A time-travelling secret agent journeys back and forth through history in search of a bomber who has eluded him throughout his career in sci-fi thriller PREDESTINATION (15: Signature).
Until it spirals out of all logical control, this expansion of Robert Heinlein’s 1958 short story All You Zombies is a thoughtful, if wonky, small-scale epic of retro-futurism.
The less said about the ornate plot the better as it bends gender as elaborately as it takes time through every decade of the mid-20th century.
On his final assignment to 1975, the agent (Ethan Hawke) must stop the elusive Fizzle Bomber terrorist blowing up Manhattan while recruiting an enigmatic magazine agony aunt ( Sarah Snook) into his organisation.
The quirky imagination on show only intensifies the disappointment of a convoluted climax probing human identity while attempting to unravel time-travel paradoxes.
> Those scene-stealing penguins from family-minded animated comedy franchise Madagascar deservedly get their own spin-off movie.
Heroic flightless birds Skipper, Kowalski, Private and Rico are recruited as spies in PENGUINS OF MADAGASCAR (U: Twentieth Century Fox) to thwart the world-takeover plans of arch-baddie octopus Dave – a role that stretches John Malkovich’s vocal chords more than his acting muscles.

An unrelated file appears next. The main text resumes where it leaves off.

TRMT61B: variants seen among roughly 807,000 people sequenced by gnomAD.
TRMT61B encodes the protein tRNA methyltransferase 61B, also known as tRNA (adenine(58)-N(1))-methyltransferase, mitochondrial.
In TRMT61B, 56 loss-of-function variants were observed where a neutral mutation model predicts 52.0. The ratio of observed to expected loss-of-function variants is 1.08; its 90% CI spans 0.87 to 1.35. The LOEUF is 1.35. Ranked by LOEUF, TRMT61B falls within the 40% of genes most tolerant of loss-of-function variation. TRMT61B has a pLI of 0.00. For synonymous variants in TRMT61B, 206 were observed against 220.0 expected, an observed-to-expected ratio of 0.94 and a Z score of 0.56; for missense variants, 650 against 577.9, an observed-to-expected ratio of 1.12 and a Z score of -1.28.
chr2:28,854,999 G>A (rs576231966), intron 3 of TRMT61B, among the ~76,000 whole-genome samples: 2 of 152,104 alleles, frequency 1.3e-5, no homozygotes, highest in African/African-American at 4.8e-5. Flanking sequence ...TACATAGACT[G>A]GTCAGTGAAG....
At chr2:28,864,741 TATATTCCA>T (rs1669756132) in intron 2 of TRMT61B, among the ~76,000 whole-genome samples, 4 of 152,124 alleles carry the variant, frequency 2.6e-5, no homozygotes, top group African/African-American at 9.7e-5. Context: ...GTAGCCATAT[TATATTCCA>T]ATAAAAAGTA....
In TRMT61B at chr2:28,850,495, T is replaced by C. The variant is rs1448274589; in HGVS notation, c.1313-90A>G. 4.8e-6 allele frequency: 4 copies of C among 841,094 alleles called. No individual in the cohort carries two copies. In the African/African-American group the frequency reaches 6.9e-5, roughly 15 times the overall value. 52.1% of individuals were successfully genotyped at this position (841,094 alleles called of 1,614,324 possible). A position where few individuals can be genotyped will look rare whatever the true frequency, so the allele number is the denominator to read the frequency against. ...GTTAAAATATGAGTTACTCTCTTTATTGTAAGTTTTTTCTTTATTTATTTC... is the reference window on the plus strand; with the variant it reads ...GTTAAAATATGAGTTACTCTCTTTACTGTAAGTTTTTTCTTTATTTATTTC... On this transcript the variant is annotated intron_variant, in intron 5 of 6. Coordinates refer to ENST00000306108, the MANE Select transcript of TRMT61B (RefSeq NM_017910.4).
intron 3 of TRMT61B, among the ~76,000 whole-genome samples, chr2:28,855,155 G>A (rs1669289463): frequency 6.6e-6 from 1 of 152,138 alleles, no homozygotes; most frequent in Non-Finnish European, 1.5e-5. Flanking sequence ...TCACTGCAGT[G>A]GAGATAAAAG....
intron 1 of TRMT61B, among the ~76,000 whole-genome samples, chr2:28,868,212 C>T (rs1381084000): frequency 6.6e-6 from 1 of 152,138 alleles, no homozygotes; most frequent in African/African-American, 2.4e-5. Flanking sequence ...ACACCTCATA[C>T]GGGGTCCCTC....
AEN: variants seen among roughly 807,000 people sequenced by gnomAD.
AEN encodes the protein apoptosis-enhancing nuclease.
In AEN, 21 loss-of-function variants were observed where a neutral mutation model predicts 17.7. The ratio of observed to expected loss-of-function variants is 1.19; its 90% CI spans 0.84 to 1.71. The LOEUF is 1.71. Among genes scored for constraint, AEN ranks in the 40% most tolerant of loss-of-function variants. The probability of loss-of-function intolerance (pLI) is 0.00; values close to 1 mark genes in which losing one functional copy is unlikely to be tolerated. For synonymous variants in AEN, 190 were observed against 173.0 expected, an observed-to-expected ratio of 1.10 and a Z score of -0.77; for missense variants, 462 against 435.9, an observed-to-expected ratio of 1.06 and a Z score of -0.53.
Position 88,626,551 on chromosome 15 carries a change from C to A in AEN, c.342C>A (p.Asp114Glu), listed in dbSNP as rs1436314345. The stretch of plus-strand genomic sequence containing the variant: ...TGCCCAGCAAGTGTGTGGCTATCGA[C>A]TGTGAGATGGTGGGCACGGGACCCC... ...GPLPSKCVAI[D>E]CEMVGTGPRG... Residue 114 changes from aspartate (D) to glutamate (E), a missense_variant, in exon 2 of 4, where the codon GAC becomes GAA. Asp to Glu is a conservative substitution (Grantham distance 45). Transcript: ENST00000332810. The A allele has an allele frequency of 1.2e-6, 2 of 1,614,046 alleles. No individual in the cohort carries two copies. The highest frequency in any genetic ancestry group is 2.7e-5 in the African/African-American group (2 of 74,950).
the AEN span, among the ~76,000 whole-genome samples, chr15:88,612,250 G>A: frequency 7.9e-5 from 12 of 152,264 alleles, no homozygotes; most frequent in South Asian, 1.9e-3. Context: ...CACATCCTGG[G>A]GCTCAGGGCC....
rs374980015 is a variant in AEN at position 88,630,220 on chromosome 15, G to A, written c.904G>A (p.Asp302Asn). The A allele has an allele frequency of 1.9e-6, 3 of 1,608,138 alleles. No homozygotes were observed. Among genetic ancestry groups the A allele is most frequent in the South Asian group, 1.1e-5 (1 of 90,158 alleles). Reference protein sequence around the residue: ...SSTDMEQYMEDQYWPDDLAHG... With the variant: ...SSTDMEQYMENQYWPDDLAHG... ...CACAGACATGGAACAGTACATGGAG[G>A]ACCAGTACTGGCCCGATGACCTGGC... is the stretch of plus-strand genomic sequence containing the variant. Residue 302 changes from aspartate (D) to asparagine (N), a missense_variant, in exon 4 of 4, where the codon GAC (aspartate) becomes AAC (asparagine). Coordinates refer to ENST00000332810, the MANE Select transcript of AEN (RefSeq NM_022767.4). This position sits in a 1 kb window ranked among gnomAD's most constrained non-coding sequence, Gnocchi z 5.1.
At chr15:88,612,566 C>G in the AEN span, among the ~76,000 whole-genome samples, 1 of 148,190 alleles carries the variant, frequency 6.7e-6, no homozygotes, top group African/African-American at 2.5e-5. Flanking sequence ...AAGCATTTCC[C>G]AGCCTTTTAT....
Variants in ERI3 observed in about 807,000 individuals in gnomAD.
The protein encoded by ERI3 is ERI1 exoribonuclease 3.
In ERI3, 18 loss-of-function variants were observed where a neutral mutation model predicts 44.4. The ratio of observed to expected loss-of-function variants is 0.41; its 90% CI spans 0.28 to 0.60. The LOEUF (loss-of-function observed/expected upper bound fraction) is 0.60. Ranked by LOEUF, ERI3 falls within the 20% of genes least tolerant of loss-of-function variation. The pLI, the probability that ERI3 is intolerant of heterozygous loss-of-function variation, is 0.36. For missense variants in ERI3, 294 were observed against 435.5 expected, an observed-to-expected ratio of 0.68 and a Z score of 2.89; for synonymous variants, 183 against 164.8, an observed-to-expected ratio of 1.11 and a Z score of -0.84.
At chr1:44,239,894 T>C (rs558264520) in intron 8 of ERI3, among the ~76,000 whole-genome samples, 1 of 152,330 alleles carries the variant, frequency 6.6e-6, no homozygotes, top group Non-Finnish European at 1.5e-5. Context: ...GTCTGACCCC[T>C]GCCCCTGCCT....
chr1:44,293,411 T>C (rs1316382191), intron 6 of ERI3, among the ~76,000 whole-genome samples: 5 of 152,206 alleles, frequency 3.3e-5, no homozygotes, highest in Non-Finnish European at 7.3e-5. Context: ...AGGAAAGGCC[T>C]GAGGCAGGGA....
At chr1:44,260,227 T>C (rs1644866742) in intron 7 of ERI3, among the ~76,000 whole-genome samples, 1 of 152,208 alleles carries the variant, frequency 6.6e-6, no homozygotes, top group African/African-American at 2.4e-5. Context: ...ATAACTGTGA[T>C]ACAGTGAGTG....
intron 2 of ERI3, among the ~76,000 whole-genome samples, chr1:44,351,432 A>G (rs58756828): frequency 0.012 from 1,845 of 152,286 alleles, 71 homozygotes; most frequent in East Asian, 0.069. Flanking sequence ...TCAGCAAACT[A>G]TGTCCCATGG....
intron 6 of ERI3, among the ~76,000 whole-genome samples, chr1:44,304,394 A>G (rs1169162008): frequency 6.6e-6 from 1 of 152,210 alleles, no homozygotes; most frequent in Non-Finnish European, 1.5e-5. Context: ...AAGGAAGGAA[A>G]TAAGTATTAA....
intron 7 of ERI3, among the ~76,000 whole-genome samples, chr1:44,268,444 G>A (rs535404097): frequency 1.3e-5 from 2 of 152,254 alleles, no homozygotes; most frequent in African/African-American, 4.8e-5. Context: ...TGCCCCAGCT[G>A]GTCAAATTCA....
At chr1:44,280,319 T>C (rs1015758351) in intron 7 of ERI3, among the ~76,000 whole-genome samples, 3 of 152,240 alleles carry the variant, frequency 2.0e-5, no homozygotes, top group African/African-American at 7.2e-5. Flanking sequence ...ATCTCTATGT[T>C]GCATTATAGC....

Meanwhile, Benedict Cumberbatch voices the goodie group’s wolfish boss.
Spin-offs can suffer when wrenched away from their parent movies, because what’s fun in small doses doesn’t necessarily work well in large ones. In this case, the film-makers struggle at times with a generic plot, contrived gags and a tendency to assume frantic is fun. But the penguins are cute and there are enough mirthful moments – many splendidly surreal – to make this a DVD worth watching.
> Sean Astin voices a frog with an identity crisis in another creature feature, RIBBIT (U: Lionsgate).
It’s not the worst animated film I’ve seen, but it comes close. Although it has an American voice cast, this is a Malaysian production and as well as being unfunny, it’s riddled with plot errors and is generally amateurish.
Ribbit has always felt different from all the other frogs. To find purpose in his life, he embarks on a journey through the Amazon Rainforest, during which he is accidentally hypnotised into believing he is a human prince trapped in a frog’s body.
Convinced that he now understands why he is different, Ribbit heads out in search of the princess whose kiss will solve all his problems. He’s joined by his best friend, a female squirrel named Sandy.
> The life and times of music legend James Brown has the potential to make a great biopic, but for all its gloss and elaborately staged musical sequences GET ON UP (12: Universal) falls short of the mark.
Chadwick Boseman stars as the self-styled Godfather of Soul, who was born into poverty but became one of the most influential performers of the 20th century. He also had a knack for hitting the headlines as often as the charts.
Boseman is superb at conveying the charisma that helped make Brown a hero to millions, and there is fine support from Dan Aykroyd as Brown’s manager, but ultimately the film is a sanitised version of events.